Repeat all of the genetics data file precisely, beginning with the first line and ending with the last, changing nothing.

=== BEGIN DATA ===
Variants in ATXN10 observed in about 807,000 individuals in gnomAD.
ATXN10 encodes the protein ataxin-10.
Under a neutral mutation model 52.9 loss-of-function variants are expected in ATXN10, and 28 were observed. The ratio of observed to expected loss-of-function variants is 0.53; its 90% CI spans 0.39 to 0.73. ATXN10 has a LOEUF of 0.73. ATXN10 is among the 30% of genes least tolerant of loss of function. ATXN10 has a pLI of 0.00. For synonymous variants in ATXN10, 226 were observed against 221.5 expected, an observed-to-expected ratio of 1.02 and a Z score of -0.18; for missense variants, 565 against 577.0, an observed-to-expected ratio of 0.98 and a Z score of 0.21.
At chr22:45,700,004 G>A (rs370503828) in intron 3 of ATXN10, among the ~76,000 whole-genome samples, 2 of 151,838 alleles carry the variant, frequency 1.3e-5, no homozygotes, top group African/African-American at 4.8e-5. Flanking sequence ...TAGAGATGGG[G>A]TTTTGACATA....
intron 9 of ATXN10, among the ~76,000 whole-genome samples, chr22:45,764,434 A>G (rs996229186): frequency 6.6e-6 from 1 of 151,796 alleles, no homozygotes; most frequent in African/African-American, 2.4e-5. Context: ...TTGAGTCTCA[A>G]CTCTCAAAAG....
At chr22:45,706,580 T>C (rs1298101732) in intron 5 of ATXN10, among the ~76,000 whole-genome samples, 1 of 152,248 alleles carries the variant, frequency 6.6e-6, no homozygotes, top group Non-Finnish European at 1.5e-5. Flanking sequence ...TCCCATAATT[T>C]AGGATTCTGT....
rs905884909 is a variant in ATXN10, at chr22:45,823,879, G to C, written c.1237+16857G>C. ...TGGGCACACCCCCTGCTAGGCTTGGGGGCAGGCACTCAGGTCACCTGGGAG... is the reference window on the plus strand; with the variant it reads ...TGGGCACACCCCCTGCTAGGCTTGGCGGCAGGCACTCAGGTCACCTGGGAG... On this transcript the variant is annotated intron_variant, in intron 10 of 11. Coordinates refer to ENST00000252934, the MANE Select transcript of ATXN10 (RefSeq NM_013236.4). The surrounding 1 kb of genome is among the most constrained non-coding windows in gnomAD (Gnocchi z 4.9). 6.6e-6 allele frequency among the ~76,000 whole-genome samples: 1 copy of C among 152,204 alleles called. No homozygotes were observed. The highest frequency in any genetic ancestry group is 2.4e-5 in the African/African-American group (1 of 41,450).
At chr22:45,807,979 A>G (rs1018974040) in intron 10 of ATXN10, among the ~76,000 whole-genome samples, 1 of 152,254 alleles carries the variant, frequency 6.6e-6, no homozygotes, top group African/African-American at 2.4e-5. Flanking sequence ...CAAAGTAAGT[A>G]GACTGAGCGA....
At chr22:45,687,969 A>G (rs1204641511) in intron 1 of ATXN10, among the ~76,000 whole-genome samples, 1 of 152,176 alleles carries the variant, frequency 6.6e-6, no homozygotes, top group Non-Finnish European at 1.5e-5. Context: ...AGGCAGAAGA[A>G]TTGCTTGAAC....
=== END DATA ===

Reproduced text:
Variants in ATXN10 observed in about 807,000 individuals in gnomAD.
ATXN10 encodes the protein ataxin-10.
Under a neutral mutation model 52.9 loss-of-function variants are expected in ATXN10, and 28 were observed. The ratio of observed to expected loss-of-function variants is 0.53; its 90% CI spans 0.39 to 0.73. ATXN10 has a LOEUF of 0.73. ATXN10 is among the 30% of genes least tolerant of loss of function. ATXN10 has a pLI of 0.00. For synonymous variants in ATXN10, 226 were observed against 221.5 expected, an observed-to-expected ratio of 1.02 and a Z score of -0.18; for missense variants, 565 against 577.0, an observed-to-expected ratio of 0.98 and a Z score of 0.21.
At chr22:45,700,004 G>A (rs370503828) in intron 3 of ATXN10, among the ~76,000 whole-genome samples, 2 of 151,838 alleles carry the variant, frequency 1.3e-5, no homozygotes, top group African/African-American at 4.8e-5. Flanking sequence ...TAGAGATGGG[G>A]TTTTGACATA....
intron 9 of ATXN10, among the ~76,000 whole-genome samples, chr22:45,764,434 A>G (rs996229186): frequency 6.6e-6 from 1 of 151,796 alleles, no homozygotes; most frequent in African/African-American, 2.4e-5. Context: ...TTGAGTCTCA[A>G]CTCTCAAAAG....
At chr22:45,706,580 T>C (rs1298101732) in intron 5 of ATXN10, among the ~76,000 whole-genome samples, 1 of 152,248 alleles carries the variant, frequency 6.6e-6, no homozygotes, top group Non-Finnish European at 1.5e-5. Flanking sequence ...TCCCATAATT[T>C]AGGATTCTGT....
rs905884909 is a variant in ATXN10, at chr22:45,823,879, G to C, written c.1237+16857G>C. ...TGGGCACACCCCCTGCTAGGCTTGGGGGCAGGCACTCAGGTCACCTGGGAG... is the reference window on the plus strand; with the variant it reads ...TGGGCACACCCCCTGCTAGGCTTGGCGGCAGGCACTCAGGTCACCTGGGAG... On this transcript the variant is annotated intron_variant, in intron 10 of 11. Coordinates refer to ENST00000252934, the MANE Select transcript of ATXN10 (RefSeq NM_013236.4). The surrounding 1 kb of genome is among the most constrained non-coding windows in gnomAD (Gnocchi z 4.9). 6.6e-6 allele frequency among the ~76,000 whole-genome samples: 1 copy of C among 152,204 alleles called. No homozygotes were observed. The highest frequency in any genetic ancestry group is 2.4e-5 in the African/African-American group (1 of 41,450).
At chr22:45,807,979 A>G (rs1018974040) in intron 10 of ATXN10, among the ~76,000 whole-genome samples, 1 of 152,254 alleles carries the variant, frequency 6.6e-6, no homozygotes, top group African/African-American at 2.4e-5. Flanking sequence ...CAAAGTAAGT[A>G]GACTGAGCGA....
At chr22:45,687,969 A>G (rs1204641511) in intron 1 of ATXN10, among the ~76,000 whole-genome samples, 1 of 152,176 alleles carries the variant, frequency 6.6e-6, no homozygotes, top group Non-Finnish European at 1.5e-5. Context: ...AGGCAGAAGA[A>G]TTGCTTGAAC....